Even more photogenic than the room are the cold drinks themselves. For example, the Nothin Sacred (Dewar’s 12 Reserve and Spring 44 honey vodka with mango puree, ginger beer, habanero bitters and Dolin Blanc; $16) – a svelte, canary-colored towner of a drink, as beautiful as it is chuggable. The Al’s Cut – a vegetal take on the gimlet with black pepper, peat syrup, and teapot and mushroom bitters ($18) – is icy silver, with the translucence of frosted glass, a lone radish sliver floating on its head.
And it was hard to resist ‘gramming immediately when the Long Islay Ice Tea arrived, in an enormous, shiny copper pineapple domed high with crushed ice and garnished with a terrarium’s worth of plant matter ($22). Wisely, the bartender stuck two paper straws in either end of it; my friend and I sucked it down in tandem like the proverbial float-sharing couple at the malt shop.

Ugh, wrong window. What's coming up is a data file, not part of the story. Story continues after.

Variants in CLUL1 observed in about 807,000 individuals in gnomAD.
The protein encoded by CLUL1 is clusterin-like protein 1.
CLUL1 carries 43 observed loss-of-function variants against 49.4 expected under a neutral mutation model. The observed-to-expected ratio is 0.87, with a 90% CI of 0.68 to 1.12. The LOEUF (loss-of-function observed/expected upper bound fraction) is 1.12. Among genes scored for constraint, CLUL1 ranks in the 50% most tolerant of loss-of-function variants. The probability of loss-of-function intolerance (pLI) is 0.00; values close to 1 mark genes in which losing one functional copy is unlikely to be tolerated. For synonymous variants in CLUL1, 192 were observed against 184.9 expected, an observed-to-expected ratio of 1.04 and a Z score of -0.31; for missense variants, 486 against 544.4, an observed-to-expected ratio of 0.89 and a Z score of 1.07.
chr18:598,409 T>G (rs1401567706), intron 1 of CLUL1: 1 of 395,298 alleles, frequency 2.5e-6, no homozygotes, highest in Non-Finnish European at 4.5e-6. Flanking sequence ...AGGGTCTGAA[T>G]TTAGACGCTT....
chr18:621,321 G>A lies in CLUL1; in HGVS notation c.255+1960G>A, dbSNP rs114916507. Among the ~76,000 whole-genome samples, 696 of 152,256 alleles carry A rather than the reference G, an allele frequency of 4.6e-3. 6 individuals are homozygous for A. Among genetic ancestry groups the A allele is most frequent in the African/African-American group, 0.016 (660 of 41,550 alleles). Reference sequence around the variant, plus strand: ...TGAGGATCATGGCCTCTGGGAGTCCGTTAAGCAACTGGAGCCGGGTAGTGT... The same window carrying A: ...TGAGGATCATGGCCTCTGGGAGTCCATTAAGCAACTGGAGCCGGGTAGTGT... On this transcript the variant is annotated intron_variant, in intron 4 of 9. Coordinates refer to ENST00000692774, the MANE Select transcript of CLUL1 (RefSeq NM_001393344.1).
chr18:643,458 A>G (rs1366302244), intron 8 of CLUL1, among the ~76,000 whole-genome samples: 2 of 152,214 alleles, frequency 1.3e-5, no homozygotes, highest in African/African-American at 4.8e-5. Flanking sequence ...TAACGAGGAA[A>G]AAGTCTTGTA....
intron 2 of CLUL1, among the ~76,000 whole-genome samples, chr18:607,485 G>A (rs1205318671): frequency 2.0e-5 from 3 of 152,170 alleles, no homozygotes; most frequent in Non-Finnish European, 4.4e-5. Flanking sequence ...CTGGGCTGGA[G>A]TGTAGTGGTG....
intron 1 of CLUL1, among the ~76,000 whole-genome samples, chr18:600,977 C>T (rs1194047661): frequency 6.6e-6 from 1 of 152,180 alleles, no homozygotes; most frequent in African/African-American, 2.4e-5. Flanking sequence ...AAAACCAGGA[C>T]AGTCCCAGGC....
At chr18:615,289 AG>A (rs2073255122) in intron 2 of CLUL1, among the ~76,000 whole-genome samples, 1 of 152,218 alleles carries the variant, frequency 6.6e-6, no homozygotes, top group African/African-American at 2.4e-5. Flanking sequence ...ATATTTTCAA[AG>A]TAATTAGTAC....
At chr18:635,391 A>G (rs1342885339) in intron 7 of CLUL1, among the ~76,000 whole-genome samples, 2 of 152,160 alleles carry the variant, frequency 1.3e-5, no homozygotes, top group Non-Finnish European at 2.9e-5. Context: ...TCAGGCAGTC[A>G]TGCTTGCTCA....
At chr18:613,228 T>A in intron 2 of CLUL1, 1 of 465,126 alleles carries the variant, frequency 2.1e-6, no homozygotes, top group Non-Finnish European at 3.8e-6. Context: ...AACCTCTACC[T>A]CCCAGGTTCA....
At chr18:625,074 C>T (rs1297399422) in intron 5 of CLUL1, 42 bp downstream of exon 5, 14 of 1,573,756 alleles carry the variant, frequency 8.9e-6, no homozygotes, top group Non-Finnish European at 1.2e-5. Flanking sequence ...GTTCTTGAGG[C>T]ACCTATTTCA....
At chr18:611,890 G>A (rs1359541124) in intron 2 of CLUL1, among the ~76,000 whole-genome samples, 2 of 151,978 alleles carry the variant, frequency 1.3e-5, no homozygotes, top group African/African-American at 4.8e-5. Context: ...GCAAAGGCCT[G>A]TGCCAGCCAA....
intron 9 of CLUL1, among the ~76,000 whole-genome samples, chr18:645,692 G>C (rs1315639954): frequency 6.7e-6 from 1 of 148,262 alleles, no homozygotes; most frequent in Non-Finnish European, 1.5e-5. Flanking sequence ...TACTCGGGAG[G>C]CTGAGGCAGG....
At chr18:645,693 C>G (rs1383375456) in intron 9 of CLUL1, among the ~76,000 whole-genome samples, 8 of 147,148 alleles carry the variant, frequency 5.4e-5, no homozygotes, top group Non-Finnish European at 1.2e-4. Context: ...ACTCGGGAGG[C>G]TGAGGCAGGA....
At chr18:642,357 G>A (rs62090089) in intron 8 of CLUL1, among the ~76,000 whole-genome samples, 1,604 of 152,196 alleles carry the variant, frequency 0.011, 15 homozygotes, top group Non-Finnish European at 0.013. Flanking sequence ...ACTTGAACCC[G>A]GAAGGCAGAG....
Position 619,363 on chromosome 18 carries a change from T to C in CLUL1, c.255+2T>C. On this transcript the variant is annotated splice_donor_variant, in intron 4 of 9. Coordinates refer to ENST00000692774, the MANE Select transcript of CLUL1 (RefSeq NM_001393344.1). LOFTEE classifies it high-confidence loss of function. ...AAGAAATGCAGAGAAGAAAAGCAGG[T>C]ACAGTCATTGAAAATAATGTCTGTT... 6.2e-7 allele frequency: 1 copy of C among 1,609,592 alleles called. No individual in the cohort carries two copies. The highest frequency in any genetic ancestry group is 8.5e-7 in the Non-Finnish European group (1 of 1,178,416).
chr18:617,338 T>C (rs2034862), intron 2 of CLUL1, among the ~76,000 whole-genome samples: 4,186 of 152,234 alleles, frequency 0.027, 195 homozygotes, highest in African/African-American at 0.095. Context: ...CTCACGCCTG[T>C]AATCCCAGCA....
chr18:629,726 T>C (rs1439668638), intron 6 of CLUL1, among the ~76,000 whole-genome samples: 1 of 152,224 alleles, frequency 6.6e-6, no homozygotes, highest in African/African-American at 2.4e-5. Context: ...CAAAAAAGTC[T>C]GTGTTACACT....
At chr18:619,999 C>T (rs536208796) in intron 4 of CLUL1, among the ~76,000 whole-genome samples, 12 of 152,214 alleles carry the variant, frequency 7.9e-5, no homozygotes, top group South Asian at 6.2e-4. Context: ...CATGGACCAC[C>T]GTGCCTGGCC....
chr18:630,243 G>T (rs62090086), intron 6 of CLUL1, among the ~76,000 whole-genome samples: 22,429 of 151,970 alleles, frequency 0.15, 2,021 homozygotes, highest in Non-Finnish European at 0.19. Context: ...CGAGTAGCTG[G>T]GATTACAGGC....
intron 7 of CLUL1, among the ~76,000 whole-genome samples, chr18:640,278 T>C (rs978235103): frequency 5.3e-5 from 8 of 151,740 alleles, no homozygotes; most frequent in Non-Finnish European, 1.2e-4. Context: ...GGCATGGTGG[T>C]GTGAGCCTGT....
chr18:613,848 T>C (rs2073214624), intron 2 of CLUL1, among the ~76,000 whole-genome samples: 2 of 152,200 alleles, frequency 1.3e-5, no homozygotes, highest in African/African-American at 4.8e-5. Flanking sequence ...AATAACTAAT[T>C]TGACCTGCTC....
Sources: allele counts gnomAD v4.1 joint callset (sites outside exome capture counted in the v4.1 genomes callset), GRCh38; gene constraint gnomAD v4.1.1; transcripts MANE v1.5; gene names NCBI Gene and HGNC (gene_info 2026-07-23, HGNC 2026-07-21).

(Incidentally, the Long Islay Ice Tea has just been moved to front-runner in the Best Cocktail Name of the Year category. You’ve got until December to beat it, San Francisco.)
Don’t let the associations with spring-break blackouts fool you; the Long Islay Iced Tea was the most peat-forward concoction I tasted at Cold Drinks. Based on Bruichladdich and Laphroaig whiskeys with Absolut Elyz vodka, oolong tea syrup, Pellegrino Chinotto (a.k.a. the best orange soda) and orgeat, it’s intensely savory, a little spicy, barely fruity. It’s honey, it’s acid, it’s smoke. The crushed ice eases the burn of the liquor, evolving it as you empty the copper pineapple. Scotch, after all, loves water.
McDonnell figured the general population is averse to extreme doses of peat – hence the split base of every cocktail on the menu, balancing scotch with a different liquor. Hence, too, the split back bar; one side full of Highland scotch, the other full of Islay, or as McDonnell calls it, “the vegetal angry salt monster side.” He assumed customers would gravitate toward the milder, more agreeable Highland bottles – “I guessed it would be 80-20,” he says – but so far his customers have proven him wrong.
“People want bold flavors,” he’s learned. “Women want bold flavors. I think of it as parallel to this era of mezcal, and people drinking more spirit-forward cocktails.”